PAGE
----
Compulsory module

On this module we will introduce you to American Studies as an interdisciplinary academic subject. We will give you an overview of American literature and culture from the nineteenth century to the present day. You will investigate how American identity has been constructed in relation to the broad social, technological and economic changes which have taken place in this period. You will explore themes such as colonial politics, independence, the myth of the Frontier, issues of race and gender, consumerism and popular culture.

Credits: 20

Compulsory module

This module will help you to build the skills you need to succeed in higher education, and specifically for researching and analysing media. This includes skills in:

  • Researching
  • Referencing
  • Critical thinking
  • Academic writing
  • Presenting
  • Group work. 

We will make sure you are ready to take on the challenges of degree level study.

Credits: 20

Compulsory module

This module is your introduction to film history, theory and analysis as well as some of the technical and commercial aspects of film. You will explore these themes with a focus on key moments in the evolution of film, through the words of filmmakers past and present. We will also introduce you to some of the major approaches used to study and analyse film, such as:

  • Auteur theory
  • Genre
  • Subject positioning
  • Psychoanalysis
  • The gaze
  • Montage.

Credits: 20

Compulsory module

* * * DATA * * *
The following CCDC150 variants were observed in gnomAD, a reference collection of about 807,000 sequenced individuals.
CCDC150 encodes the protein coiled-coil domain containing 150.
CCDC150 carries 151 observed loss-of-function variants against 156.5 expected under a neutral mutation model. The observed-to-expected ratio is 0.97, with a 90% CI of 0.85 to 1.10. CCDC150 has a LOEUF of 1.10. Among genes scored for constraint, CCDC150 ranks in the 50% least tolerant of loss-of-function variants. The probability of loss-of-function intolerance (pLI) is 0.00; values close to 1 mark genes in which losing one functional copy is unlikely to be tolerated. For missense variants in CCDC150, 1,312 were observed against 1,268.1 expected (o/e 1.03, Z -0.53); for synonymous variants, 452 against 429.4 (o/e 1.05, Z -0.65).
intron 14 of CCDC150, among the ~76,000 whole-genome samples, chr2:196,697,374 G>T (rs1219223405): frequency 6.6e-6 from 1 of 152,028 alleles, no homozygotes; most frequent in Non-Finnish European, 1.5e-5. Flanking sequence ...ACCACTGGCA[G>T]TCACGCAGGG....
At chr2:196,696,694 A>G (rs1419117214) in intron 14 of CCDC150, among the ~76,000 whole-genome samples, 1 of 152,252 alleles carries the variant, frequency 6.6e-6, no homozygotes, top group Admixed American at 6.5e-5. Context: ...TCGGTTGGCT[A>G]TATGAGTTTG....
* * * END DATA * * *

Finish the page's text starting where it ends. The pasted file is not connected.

This module will give you a broad understanding of the history of the USA, from both a domestic and an international point of view. You will learn about America’s gradual emergence as a leading international power, economically, militarily and politically. We will explore historical developments in the American experience, including political, social and economic changes. You will consider the continuing tension between unity and diversity in American history, exploring topics such as the Civil War, industrialisation, consumer culture, foreign policy and immigration.

Credits: 20

Optional module

This module is your introduction to the use of film as a source of historical evidence for cultural, social and political change. American Studies is always interdisciplinary in its approach, and film is 1 of the many mediums we use to explore American history, identity and culture. You will learn the skills of cinematic analysis which will allow you to make the best use of this important medium, as well as discussing the importance of cinema within American society.

Credits: 20

Optional module

Drawing on relevant debates and scholarship, we will introduce you different films and their audiences, such as popular Hollywood film, independent film and world cinema. You will explore issues surrounding reception, taste and consumption, considering the social and cultural contexts in which film consumption takes place. You will also investigate different methods of studying audiences to consider how audiences engage with film.

Credits: 20

Optional module

On this module you will explore the idea of cult cinema in the context of its history, the film industry and contemporary culture. You will consider how historic examples of legislation around films have affected the status of cultism and cult cinema. This includes investigating how screen and entertainment developments have played a part in enhancing certain filmic cult movements. You will explore ideas about genre and authorship, subcultures and subversion.